A Pasco County Schools employee filed a complaint with the principal about her coworker’s parking space at Wiregrass Ranch High School in Pasco County, Florida.
The teaching assistant, Marina Gentilesco, said she was offended by a Bible verse that her coworker painted on her parking space, according to WFLA-TV.
The Bible verse is taken from Philippians 4:13, which reads, “I can do all things through Christ which strengthens me.”
“It said, Christ. I was startled by it. I was very upset by it,” Gentilesco said, according to WTVT.
Gentilesco said she wouldn’t have such a problem with it if it were something inside of a church building, but she feels it’s inappropriate to display a Bible verse on a parking spot.
“You put it on a state-funded property. I’m not OK with it,” she said, according to WFLA.
Pasco County Schools claims that the parking spot on which her coworker painted the verse is her paid parking spot.
Gentilesco went on to state that she has to walk by it every day, and it angers her because she’s a Jew.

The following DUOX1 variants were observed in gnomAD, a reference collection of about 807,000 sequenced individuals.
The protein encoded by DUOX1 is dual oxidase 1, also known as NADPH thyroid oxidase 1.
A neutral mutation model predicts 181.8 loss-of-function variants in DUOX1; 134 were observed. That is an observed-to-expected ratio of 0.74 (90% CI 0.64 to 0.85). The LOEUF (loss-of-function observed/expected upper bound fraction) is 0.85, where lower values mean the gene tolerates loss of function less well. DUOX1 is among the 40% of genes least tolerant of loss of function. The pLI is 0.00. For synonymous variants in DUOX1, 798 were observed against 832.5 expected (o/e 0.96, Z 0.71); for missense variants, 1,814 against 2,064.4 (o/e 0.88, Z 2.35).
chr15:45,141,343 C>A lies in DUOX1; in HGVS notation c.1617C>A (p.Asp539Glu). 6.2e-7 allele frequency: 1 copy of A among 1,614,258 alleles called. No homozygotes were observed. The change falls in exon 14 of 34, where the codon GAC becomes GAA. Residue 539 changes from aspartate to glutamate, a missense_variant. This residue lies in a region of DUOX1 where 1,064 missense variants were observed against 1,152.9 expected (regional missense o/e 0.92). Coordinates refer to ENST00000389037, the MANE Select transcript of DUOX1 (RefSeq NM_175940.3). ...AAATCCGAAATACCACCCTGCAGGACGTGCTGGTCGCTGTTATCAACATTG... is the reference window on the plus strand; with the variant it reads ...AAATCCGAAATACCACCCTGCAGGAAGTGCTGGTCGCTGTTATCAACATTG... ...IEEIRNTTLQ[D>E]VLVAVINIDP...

“I feel like it’s attacking me as a Jew,” she said.
“My parents are Holocaust survivors, and I would never try to convince someone to change their faith. The Jews were murdered because they were Jews, and Christians survived, and it just brought back the memories of what my parents went through,” Gentilesco said, WTVT reported.
Apparently, Gentilesco is unaware that there were some Christians who were murdered for defending the Jews. One of the most well-known stories is that of Corrie ten Boom.
Nevertheless, Gentilesco went on to say, “It brings me to the verge of tears, because it brings me back to the 6 million that perished. Six million perished because of our faith — because we’re Jews,” according to WFLA.
The principal was sensitive toward her complaint and took it to the district to see what the proper response to the complaint should be.
The district decided that they would not require the verse to be removed from the parking space.
“It’s not a violation. This is personal expression,” Pasco County Schools Public Information Officer Stephen Hegarty said.
“There is no proselytizing going on,” he continued. “It’s not compelling students to do anything one way or the other.”
He added that it’s simply the self expression of one teacher and it’s “just like they might wear a crucifix on their shirt.”
“Teachers and students are free to express themselves,” Hegarty said.
This article appeared originally on The Western Journal.